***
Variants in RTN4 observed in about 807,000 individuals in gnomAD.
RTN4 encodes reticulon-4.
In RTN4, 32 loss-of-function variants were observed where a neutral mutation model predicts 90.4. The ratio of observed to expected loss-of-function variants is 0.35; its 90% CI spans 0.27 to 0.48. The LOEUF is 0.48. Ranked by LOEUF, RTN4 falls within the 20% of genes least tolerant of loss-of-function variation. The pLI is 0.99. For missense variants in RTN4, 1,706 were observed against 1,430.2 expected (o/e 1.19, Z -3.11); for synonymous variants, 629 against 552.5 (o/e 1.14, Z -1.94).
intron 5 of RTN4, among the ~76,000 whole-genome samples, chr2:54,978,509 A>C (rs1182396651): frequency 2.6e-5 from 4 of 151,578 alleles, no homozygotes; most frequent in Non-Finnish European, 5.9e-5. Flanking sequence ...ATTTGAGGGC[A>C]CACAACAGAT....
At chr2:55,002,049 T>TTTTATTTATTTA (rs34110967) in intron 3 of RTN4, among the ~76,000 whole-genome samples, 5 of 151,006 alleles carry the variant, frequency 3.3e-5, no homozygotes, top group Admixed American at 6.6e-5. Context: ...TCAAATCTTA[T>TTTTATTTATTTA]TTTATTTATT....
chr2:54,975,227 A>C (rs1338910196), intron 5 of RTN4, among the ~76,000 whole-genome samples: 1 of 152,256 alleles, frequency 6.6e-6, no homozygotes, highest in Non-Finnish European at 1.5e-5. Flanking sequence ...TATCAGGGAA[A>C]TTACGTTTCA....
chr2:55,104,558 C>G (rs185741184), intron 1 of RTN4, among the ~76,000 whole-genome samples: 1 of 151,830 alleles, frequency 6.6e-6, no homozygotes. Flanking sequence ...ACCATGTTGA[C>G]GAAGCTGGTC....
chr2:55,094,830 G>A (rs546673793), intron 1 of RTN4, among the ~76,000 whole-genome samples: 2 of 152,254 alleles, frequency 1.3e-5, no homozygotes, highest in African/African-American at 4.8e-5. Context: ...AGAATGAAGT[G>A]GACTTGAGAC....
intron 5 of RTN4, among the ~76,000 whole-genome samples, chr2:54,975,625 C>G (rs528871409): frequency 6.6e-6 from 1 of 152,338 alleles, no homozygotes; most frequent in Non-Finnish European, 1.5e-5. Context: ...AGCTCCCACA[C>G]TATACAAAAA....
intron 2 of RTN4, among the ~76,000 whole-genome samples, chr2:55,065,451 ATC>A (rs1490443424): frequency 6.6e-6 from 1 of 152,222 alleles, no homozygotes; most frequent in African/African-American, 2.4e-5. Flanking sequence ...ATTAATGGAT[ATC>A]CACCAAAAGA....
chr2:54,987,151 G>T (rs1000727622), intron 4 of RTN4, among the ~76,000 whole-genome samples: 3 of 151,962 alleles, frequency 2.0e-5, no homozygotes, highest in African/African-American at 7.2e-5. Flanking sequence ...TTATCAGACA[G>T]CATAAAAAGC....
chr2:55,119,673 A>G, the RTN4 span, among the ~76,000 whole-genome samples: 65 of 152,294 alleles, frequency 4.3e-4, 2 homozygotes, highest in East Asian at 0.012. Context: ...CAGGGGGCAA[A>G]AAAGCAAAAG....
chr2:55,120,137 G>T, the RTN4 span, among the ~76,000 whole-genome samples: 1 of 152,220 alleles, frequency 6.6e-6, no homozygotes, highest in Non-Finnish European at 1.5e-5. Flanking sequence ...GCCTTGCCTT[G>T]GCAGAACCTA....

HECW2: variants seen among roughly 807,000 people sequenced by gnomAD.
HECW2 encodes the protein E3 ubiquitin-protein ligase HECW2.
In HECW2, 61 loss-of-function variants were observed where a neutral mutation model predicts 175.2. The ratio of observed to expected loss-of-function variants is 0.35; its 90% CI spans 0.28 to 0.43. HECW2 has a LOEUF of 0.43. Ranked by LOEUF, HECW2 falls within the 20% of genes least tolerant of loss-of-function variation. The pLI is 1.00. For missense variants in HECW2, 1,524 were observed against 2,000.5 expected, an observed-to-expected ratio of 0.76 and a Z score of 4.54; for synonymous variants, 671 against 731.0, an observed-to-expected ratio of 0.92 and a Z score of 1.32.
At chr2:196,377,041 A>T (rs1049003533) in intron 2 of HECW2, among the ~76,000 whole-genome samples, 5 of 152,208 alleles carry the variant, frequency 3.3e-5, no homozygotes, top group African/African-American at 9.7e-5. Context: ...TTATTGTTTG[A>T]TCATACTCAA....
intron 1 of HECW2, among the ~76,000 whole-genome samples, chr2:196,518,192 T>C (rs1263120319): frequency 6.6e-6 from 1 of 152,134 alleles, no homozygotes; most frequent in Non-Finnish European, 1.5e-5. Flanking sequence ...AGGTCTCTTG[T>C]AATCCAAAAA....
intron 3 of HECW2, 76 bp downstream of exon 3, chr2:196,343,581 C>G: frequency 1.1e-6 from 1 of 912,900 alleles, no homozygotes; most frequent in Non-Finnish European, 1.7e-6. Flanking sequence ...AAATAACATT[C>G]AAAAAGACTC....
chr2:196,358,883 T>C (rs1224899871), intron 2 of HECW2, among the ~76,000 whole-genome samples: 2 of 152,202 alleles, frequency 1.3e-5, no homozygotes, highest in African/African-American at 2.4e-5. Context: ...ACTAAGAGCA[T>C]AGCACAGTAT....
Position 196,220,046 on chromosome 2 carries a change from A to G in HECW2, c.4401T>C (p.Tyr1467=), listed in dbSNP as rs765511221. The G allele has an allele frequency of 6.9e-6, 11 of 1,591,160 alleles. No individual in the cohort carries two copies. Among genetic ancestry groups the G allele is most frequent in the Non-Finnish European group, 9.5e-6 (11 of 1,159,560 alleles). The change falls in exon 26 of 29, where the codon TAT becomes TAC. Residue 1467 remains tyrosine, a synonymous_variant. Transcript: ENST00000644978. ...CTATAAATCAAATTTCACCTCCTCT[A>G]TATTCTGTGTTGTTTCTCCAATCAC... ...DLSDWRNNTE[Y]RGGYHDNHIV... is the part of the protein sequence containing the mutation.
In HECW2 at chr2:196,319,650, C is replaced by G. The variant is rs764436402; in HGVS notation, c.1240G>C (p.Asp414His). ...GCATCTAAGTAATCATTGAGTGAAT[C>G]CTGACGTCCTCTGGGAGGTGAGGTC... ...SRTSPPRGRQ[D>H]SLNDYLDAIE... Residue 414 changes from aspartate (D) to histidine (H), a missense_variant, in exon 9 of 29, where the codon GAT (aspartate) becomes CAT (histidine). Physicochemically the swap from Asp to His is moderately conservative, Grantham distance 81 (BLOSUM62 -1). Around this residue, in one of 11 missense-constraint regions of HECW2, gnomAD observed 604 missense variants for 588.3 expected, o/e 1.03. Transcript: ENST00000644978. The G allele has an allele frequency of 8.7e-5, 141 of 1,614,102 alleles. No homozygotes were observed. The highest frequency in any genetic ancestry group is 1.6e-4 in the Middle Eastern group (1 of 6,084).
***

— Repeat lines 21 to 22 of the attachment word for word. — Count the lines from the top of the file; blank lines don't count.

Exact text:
Position 196,220,046 on chromosome 2 carries a change from A to G in HECW2, c.4401T>C (p.Tyr1467=), listed in dbSNP as rs765511221. The G allele has an allele frequency of 6.9e-6, 11 of 1,591,160 alleles. No individual in the cohort carries two copies. Among genetic ancestry groups the G allele is most frequent in the Non-Finnish European group, 9.5e-6 (11 of 1,159,560 alleles). The change falls in exon 26 of 29, where the codon TAT becomes TAC. Residue 1467 remains tyrosine, a synonymous_variant. Transcript: ENST00000644978. ...CTATAAATCAAATTTCACCTCCTCT[A>G]TATTCTGTGTTGTTTCTCCAATCAC... ...DLSDWRNNTE[Y]RGGYHDNHIV... is the part of the protein sequence containing the mutation.
In HECW2 at chr2:196,319,650, C is replaced by G. The variant is rs764436402; in HGVS notation, c.1240G>C (p.Asp414His). ...GCATCTAAGTAATCATTGAGTGAAT[C>G]CTGACGTCCTCTGGGAGGTGAGGTC... ...SRTSPPRGRQ[D>H]SLNDYLDAIE... Residue 414 changes from aspartate (D) to histidine (H), a missense_variant, in exon 9 of 29, where the codon GAT (aspartate) becomes CAT (histidine). Physicochemically the swap from Asp to His is moderately conservative, Grantham distance 81 (BLOSUM62 -1). Around this residue, in one of 11 missense-constraint regions of HECW2, gnomAD observed 604 missense variants for 588.3 expected, o/e 1.03. Transcript: ENST00000644978. The G allele has an allele frequency of 8.7e-5, 141 of 1,614,102 alleles. No homozygotes were observed. The highest frequency in any genetic ancestry group is 1.6e-4 in the Middle Eastern group (1 of 6,084).